One of the challenges of dealing with climate change is that it’s difficult to communicate to the public how much confidence the scientific community has in a particular theory. Here’s a hypothesis: people have a better intuitive grasp of relative comparisons (A is bigger than B) than they do with absolutes (we are 90% confident that “A” is big).

Assuming this hypothesis is true, we could do a broad survey of scientists and use them to rank-order confidence in various scientific theories that the general public is familiar with. Possible examples of theories:

• Plate tectonics
• Childhood vaccinations cause autism
• Germ theory of disease
• Theory of relativity
• Cigarette smoking cause lung cancer
• Diets rich in saturated fats cause heart disease
• AIDS is caused by HIV
• The death penalty reduces violent crime
• Evolution by natural selection
• Exposure to electromagnetic radiation from high-voltage power lines cause cancer
• Intelligence is inherited biologically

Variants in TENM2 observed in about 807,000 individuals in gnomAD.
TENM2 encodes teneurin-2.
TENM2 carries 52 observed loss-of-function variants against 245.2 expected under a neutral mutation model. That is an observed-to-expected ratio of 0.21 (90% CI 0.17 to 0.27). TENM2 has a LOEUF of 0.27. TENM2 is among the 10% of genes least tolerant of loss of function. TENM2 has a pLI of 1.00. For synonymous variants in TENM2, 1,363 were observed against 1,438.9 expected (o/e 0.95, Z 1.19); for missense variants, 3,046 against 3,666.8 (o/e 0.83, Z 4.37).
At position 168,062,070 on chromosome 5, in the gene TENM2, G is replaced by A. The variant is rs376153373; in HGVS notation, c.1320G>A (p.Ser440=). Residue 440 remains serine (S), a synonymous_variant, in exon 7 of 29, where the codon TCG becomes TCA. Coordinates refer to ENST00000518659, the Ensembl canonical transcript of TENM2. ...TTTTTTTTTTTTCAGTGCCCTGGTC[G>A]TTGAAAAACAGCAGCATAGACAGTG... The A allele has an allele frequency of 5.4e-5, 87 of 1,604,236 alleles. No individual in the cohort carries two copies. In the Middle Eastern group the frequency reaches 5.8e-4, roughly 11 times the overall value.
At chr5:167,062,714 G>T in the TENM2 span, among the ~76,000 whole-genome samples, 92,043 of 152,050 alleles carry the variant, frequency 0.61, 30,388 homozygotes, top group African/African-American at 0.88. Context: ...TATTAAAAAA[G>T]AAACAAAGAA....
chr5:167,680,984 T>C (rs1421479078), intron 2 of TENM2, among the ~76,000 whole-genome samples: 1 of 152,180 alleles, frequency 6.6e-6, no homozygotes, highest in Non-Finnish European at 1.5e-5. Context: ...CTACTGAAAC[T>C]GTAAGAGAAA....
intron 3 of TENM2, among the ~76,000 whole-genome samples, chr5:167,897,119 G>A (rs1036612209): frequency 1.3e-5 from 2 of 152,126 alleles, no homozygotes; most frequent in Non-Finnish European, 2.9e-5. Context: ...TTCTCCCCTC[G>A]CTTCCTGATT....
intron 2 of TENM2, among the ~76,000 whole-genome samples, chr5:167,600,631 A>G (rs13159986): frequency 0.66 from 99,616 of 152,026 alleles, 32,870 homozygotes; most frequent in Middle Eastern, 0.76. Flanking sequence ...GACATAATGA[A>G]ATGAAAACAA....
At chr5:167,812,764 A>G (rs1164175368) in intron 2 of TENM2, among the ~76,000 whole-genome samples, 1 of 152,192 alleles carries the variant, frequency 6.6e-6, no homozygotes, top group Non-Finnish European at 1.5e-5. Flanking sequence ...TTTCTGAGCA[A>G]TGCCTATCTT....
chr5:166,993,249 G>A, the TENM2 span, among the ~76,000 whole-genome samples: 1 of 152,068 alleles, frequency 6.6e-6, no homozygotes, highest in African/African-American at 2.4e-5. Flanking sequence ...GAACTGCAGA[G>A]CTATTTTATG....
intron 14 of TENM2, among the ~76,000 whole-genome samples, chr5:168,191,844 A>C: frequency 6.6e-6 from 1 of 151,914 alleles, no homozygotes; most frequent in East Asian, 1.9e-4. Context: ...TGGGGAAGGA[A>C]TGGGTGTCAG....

• Government stimulus spending reduces unemployment in a recession

Assuming the survey produced a (relatively) stable rank-ordering across these theories, the end goal would be to communicate confidence in a scientific theory by saying: “Scientists are more confident in theory X than they are in theories Y,Z, but not as confident as they are in theories P,Q”.

# You never really know where you’ll end up

You start with nothing, a blank editor window and some LaTeX boilerplate, some half-baked ideas, a few axes to grind and a tremendous apprehension at how much your life is going to suck between now and the deadline.

Great post by Matt Welsh on writing scientific papers.